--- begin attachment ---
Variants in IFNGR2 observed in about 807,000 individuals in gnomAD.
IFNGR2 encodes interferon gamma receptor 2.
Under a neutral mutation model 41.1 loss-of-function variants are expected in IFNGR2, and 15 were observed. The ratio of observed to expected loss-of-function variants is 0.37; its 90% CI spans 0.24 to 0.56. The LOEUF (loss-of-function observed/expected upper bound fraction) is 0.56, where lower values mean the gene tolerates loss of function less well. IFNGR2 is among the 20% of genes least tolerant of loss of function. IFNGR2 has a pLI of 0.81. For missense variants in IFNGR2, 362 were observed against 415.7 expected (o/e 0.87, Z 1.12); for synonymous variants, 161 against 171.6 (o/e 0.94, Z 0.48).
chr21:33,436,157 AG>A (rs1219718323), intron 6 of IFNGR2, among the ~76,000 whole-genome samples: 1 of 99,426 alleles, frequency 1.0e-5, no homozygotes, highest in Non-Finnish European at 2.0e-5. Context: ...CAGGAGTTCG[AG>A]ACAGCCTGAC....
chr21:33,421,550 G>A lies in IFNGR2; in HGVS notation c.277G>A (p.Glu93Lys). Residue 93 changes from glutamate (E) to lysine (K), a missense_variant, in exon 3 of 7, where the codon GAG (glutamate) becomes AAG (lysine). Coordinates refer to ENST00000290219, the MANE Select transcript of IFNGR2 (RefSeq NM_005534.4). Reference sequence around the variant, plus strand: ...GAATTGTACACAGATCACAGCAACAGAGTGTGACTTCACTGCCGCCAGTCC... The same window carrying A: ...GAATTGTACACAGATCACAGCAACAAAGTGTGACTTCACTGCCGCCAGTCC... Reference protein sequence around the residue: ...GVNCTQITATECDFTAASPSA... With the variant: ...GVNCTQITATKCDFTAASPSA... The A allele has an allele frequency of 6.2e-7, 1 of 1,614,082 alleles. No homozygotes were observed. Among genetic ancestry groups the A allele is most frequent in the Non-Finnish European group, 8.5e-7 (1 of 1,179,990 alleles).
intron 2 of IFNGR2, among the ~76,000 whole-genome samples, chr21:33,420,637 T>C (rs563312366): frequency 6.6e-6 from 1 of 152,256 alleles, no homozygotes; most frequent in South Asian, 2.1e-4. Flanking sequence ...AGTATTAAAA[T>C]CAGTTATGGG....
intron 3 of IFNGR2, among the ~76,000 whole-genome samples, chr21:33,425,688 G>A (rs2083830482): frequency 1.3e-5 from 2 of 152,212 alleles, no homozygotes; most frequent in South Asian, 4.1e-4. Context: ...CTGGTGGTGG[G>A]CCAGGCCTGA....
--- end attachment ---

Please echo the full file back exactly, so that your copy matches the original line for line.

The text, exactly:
Variants in IFNGR2 observed in about 807,000 individuals in gnomAD.
IFNGR2 encodes interferon gamma receptor 2.
Under a neutral mutation model 41.1 loss-of-function variants are expected in IFNGR2, and 15 were observed. The ratio of observed to expected loss-of-function variants is 0.37; its 90% CI spans 0.24 to 0.56. The LOEUF (loss-of-function observed/expected upper bound fraction) is 0.56, where lower values mean the gene tolerates loss of function less well. IFNGR2 is among the 20% of genes least tolerant of loss of function. IFNGR2 has a pLI of 0.81. For missense variants in IFNGR2, 362 were observed against 415.7 expected (o/e 0.87, Z 1.12); for synonymous variants, 161 against 171.6 (o/e 0.94, Z 0.48).
chr21:33,436,157 AG>A (rs1219718323), intron 6 of IFNGR2, among the ~76,000 whole-genome samples: 1 of 99,426 alleles, frequency 1.0e-5, no homozygotes, highest in Non-Finnish European at 2.0e-5. Context: ...CAGGAGTTCG[AG>A]ACAGCCTGAC....
chr21:33,421,550 G>A lies in IFNGR2; in HGVS notation c.277G>A (p.Glu93Lys). Residue 93 changes from glutamate (E) to lysine (K), a missense_variant, in exon 3 of 7, where the codon GAG (glutamate) becomes AAG (lysine). Coordinates refer to ENST00000290219, the MANE Select transcript of IFNGR2 (RefSeq NM_005534.4). Reference sequence around the variant, plus strand: ...GAATTGTACACAGATCACAGCAACAGAGTGTGACTTCACTGCCGCCAGTCC... The same window carrying A: ...GAATTGTACACAGATCACAGCAACAAAGTGTGACTTCACTGCCGCCAGTCC... Reference protein sequence around the residue: ...GVNCTQITATECDFTAASPSA... With the variant: ...GVNCTQITATKCDFTAASPSA... The A allele has an allele frequency of 6.2e-7, 1 of 1,614,082 alleles. No homozygotes were observed. Among genetic ancestry groups the A allele is most frequent in the Non-Finnish European group, 8.5e-7 (1 of 1,179,990 alleles).
intron 2 of IFNGR2, among the ~76,000 whole-genome samples, chr21:33,420,637 T>C (rs563312366): frequency 6.6e-6 from 1 of 152,256 alleles, no homozygotes; most frequent in South Asian, 2.1e-4. Flanking sequence ...AGTATTAAAA[T>C]CAGTTATGGG....
intron 3 of IFNGR2, among the ~76,000 whole-genome samples, chr21:33,425,688 G>A (rs2083830482): frequency 1.3e-5 from 2 of 152,212 alleles, no homozygotes; most frequent in South Asian, 4.1e-4. Context: ...CTGGTGGTGG[G>A]CCAGGCCTGA....